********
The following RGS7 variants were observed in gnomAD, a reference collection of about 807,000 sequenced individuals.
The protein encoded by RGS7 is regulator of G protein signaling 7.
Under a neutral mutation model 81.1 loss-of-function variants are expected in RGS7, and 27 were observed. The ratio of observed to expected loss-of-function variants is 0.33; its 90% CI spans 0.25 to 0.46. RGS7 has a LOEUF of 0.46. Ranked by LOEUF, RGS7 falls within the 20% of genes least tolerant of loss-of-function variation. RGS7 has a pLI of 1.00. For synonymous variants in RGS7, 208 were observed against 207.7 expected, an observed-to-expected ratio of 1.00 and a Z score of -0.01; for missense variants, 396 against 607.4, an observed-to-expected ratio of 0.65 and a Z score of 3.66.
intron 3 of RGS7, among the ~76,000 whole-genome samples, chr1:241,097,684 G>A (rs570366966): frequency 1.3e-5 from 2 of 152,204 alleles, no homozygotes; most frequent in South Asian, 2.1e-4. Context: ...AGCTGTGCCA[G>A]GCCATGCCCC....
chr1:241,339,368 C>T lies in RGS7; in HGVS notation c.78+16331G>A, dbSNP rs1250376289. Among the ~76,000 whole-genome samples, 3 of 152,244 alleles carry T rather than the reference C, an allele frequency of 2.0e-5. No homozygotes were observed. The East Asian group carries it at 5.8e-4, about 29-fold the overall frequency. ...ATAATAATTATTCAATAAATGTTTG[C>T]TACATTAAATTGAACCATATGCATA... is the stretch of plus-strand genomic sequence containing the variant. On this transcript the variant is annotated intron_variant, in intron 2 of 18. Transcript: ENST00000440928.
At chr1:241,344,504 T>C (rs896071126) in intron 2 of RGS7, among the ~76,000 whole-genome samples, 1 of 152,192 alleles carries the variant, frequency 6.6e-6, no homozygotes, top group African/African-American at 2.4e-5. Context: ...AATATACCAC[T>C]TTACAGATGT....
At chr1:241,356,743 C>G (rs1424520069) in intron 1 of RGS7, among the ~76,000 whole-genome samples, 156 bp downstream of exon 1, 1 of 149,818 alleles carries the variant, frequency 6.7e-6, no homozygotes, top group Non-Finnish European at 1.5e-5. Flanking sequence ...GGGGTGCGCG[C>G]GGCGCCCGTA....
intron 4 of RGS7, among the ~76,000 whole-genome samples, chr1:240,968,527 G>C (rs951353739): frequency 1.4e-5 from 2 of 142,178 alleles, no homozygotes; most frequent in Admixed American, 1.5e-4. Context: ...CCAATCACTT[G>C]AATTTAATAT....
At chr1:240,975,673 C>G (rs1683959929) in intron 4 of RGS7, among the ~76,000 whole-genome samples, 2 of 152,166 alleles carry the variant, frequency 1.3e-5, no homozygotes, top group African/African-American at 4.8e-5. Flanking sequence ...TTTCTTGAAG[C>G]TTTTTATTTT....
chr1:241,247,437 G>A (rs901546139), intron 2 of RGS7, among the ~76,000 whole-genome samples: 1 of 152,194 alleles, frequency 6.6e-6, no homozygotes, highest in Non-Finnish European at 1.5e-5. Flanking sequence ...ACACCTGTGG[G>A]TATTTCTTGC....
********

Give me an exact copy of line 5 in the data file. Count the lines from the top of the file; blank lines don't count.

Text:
chr1:241,339,368 C>T lies in RGS7; in HGVS notation c.78+16331G>A, dbSNP rs1250376289. Among the ~76,000 whole-genome samples, 3 of 152,244 alleles carry T rather than the reference C, an allele frequency of 2.0e-5. No homozygotes were observed. The East Asian group carries it at 5.8e-4, about 29-fold the overall frequency. ...ATAATAATTATTCAATAAATGTTTG[C>T]TACATTAAATTGAACCATATGCATA... is the stretch of plus-strand genomic sequence containing the variant. On this transcript the variant is annotated intron_variant, in intron 2 of 18. Transcript: ENST00000440928.